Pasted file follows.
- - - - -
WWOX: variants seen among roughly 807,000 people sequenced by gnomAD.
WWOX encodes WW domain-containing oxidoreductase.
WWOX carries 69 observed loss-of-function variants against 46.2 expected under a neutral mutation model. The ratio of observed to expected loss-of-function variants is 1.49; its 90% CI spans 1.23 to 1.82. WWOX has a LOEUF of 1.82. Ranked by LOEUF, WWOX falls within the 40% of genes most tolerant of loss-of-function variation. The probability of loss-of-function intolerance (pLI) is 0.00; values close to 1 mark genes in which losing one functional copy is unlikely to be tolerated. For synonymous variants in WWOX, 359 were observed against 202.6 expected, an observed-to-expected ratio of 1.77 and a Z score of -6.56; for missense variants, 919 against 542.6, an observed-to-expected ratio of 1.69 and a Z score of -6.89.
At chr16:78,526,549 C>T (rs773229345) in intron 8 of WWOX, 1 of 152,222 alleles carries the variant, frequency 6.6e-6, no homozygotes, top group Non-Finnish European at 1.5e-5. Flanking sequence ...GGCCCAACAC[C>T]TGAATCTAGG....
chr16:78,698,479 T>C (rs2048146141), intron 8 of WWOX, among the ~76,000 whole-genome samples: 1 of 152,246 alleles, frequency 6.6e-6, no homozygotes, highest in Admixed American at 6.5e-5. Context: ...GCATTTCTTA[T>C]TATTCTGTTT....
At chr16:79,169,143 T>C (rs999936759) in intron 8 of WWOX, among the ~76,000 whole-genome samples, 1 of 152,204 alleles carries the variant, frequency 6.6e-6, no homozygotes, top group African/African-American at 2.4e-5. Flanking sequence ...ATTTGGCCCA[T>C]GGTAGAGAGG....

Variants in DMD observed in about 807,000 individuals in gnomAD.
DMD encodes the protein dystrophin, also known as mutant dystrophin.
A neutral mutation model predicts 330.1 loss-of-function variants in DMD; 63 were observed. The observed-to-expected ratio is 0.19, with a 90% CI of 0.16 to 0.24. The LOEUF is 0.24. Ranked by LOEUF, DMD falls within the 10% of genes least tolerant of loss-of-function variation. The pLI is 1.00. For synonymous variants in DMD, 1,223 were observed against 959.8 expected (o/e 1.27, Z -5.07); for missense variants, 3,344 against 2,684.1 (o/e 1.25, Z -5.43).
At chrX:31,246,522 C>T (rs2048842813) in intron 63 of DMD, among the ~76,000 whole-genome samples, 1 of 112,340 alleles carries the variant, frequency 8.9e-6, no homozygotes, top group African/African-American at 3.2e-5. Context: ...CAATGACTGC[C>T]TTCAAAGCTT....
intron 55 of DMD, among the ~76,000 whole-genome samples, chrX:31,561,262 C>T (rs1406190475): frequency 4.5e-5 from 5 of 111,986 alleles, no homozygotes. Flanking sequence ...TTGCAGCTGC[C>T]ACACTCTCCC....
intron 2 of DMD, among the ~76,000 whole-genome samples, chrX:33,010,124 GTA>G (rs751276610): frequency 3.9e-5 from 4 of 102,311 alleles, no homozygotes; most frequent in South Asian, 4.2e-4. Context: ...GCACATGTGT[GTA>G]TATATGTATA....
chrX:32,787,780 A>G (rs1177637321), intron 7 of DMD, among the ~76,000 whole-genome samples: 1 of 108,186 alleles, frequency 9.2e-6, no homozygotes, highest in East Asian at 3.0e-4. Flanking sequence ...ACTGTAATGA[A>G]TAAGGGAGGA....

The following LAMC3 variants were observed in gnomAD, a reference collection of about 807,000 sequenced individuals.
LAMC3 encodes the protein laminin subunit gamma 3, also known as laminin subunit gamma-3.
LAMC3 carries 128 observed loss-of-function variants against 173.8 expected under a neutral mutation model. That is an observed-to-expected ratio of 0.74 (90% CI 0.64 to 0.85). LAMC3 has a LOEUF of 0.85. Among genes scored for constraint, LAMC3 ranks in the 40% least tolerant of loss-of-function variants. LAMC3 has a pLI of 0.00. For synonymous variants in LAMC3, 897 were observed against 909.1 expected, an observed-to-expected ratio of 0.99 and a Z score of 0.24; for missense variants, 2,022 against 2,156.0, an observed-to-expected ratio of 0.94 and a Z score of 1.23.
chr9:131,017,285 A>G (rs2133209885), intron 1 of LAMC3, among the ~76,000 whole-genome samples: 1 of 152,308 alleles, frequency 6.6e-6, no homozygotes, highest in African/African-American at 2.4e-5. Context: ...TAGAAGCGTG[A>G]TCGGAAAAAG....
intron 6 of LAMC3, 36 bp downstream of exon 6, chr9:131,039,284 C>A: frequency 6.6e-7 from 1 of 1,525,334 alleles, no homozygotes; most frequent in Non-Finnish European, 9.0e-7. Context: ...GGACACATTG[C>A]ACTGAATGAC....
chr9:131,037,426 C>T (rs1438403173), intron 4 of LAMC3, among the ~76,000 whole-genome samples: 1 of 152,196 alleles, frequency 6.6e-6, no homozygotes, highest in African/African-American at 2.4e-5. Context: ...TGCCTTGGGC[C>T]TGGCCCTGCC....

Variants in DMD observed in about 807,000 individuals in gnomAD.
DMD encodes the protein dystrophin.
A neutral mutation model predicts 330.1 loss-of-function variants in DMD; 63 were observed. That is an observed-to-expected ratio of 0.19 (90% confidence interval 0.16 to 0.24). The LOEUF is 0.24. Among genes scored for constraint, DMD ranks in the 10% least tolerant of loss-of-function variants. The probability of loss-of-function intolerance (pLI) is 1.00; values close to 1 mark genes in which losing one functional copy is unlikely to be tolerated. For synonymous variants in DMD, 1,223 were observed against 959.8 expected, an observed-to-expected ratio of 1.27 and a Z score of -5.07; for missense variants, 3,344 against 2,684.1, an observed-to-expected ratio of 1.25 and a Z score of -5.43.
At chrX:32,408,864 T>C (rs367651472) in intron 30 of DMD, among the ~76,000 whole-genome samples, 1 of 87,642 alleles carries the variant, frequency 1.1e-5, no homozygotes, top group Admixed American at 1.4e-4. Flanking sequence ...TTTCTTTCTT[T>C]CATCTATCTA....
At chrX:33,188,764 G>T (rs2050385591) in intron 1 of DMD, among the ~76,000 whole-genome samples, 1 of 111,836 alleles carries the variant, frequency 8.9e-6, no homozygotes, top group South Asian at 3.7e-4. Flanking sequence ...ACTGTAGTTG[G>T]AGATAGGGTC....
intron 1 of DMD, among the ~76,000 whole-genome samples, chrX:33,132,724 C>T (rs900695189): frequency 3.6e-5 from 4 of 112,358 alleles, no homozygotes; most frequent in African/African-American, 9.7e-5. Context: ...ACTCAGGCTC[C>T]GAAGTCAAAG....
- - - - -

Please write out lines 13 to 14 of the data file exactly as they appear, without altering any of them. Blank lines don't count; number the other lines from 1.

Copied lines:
chrX:32,787,780 A>G (rs1177637321), intron 7 of DMD, among the ~76,000 whole-genome samples: 1 of 108,186 alleles, frequency 9.2e-6, no homozygotes, highest in East Asian at 3.0e-4. Flanking sequence ...ACTGTAATGA[A>G]TAAGGGAGGA....

The following LAMC3 variants were observed in gnomAD, a reference collection of about 807,000 sequenced individuals.